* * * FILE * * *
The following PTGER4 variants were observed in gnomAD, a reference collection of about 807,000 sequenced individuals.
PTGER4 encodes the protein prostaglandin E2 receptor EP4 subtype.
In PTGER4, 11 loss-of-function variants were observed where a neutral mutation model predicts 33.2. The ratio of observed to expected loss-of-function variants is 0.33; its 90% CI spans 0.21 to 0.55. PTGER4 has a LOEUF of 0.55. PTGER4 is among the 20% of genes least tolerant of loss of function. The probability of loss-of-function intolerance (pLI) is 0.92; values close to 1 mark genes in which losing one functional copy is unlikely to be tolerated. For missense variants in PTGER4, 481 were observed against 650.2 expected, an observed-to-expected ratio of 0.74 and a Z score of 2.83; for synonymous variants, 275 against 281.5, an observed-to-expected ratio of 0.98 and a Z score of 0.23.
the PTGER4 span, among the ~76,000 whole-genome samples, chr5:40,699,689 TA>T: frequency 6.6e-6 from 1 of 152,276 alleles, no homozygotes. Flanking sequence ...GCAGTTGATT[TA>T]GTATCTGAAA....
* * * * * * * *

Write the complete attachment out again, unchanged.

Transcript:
The following PTGER4 variants were observed in gnomAD, a reference collection of about 807,000 sequenced individuals.
PTGER4 encodes the protein prostaglandin E2 receptor EP4 subtype.
In PTGER4, 11 loss-of-function variants were observed where a neutral mutation model predicts 33.2. The ratio of observed to expected loss-of-function variants is 0.33; its 90% CI spans 0.21 to 0.55. PTGER4 has a LOEUF of 0.55. PTGER4 is among the 20% of genes least tolerant of loss of function. The probability of loss-of-function intolerance (pLI) is 0.92; values close to 1 mark genes in which losing one functional copy is unlikely to be tolerated. For missense variants in PTGER4, 481 were observed against 650.2 expected, an observed-to-expected ratio of 0.74 and a Z score of 2.83; for synonymous variants, 275 against 281.5, an observed-to-expected ratio of 0.98 and a Z score of 0.23.
the PTGER4 span, among the ~76,000 whole-genome samples, chr5:40,699,689 TA>T: frequency 6.6e-6 from 1 of 152,276 alleles, no homozygotes. Flanking sequence ...GCAGTTGATT[TA>T]GTATCTGAAA....